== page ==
The latter is not entirely a bad thing, as the island will attract a new set of both domestic and international investors looking to upgrade hotels in order to capture upside demand. In popular terms, it could perhaps be tagged 'Extreme Makeover' time for Phuket's hotels. This extends to the Greater Phuket region, where we see high profile hotel trades in Krabi and Khao Lak on the imminent list.
Shifting geographic preferences are also creating new hot spots of interest. One is Koh Siray, where the upcoming Park Hyatt project, and another nearby international-brand hotel in the planning, are forecast to create a domino effect and spawn more projects in the area.
Down south, everyone is looking at the redevelopment of the Evason in Rawai as a lead indicator for what will be a new upscale InterContinential resort. With other large land tracts nearby, and looking closer, in Phang Nga Bay, off Chalong, and on smaller islands, we are already aware of at least four projects in the planning stages.
Phuket's west-side story is continuing apace, with new internationally-branded Patong hotel developments to be announced this year, and Kamala will also start to see reinforcement's coming to the rescue. Trailing the pack is the east coast area of Ao Po, though time will sort this out.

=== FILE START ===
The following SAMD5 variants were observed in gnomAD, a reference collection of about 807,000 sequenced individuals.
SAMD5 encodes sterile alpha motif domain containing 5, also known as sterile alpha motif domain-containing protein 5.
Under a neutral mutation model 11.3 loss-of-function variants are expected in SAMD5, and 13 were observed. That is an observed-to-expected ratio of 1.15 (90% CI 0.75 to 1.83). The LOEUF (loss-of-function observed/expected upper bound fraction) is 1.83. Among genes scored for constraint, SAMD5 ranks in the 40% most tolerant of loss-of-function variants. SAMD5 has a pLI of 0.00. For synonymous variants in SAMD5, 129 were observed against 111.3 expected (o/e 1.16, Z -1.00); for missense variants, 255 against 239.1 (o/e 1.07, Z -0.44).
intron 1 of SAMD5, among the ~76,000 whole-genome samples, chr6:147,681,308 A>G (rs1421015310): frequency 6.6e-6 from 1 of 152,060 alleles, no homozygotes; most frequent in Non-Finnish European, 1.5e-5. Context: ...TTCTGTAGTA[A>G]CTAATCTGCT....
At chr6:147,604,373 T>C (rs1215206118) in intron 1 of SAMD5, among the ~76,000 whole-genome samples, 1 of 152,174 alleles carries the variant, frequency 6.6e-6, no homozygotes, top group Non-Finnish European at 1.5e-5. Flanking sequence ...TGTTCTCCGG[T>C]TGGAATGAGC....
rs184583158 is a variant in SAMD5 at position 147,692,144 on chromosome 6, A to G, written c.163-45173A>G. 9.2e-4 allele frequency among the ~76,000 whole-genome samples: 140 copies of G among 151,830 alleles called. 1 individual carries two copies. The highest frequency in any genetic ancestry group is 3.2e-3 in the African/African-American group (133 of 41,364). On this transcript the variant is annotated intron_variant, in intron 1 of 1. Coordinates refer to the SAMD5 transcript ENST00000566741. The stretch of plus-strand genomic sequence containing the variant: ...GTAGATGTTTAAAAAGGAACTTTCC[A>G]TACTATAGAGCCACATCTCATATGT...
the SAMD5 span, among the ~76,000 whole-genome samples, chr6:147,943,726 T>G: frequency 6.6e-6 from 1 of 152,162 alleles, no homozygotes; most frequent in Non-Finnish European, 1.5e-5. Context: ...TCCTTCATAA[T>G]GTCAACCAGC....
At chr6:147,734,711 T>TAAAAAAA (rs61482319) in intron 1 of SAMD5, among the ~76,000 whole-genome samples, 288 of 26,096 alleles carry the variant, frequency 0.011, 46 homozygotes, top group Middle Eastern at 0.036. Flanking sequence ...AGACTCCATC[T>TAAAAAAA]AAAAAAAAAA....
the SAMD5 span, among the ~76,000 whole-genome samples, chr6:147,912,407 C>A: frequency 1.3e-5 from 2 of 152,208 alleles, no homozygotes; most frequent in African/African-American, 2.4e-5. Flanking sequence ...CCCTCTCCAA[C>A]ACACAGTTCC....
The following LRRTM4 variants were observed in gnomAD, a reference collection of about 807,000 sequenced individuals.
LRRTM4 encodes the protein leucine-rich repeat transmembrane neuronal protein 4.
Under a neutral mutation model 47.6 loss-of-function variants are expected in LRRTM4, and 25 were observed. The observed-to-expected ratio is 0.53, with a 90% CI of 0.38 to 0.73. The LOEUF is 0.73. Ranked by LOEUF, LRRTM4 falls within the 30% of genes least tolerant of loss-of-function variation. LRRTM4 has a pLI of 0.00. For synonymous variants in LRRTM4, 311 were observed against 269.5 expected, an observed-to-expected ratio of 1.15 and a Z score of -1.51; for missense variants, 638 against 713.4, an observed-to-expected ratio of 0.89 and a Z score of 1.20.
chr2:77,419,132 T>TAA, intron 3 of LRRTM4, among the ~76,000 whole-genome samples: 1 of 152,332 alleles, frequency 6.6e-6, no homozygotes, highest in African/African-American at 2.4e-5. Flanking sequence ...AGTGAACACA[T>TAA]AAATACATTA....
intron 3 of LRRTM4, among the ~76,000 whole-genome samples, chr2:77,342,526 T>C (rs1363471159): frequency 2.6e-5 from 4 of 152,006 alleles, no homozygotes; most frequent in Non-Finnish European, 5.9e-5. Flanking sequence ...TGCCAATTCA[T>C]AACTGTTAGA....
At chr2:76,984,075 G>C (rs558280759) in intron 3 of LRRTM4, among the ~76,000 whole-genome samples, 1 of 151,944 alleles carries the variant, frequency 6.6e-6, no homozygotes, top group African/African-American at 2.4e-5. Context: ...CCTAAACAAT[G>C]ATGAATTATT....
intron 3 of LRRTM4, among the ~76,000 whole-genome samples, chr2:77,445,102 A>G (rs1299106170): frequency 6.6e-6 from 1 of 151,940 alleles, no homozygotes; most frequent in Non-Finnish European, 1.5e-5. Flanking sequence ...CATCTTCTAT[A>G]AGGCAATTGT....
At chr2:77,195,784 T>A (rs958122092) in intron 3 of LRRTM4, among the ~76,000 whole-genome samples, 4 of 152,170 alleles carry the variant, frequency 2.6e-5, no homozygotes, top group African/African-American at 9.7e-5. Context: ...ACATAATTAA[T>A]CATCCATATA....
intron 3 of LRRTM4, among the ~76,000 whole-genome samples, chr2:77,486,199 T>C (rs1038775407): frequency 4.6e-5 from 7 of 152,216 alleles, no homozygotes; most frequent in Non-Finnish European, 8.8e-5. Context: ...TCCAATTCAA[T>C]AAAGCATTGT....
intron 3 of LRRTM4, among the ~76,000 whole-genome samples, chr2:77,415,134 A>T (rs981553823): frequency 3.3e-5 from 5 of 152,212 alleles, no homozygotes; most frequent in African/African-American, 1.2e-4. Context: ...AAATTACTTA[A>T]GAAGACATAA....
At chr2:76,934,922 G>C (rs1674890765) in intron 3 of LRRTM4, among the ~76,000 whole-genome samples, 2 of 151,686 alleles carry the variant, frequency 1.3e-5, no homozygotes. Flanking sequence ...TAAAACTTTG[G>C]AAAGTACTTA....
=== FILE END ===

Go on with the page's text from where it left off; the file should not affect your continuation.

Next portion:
After a stressed-out high season, there is no reason to believe that the emerging eastern European market story will change in the 2013/2014 high season. What we are experiencing is more year round demand, though, as this market matures. This year's poster-child of mass tourism is, of course, China, with its remarkable appetite for all things Thai increasing on the heels of the mega-flick Lost in Thailand. This is further magnified by the geopolitical tensions with Japan, which once upon a time had been a favored destination for Chinese tourists.
The increasing number of flights into Phuket airport, such as Cebu Pacific's new route from Manila, seem set to fuel more regional business. How can our overworked facility cope with the growth? Just check out the flight schedule and see how the arrival and departure times have been pushed into the deepest part of the night. Phuket, as with so many convenience stores, is open for tourism all night long.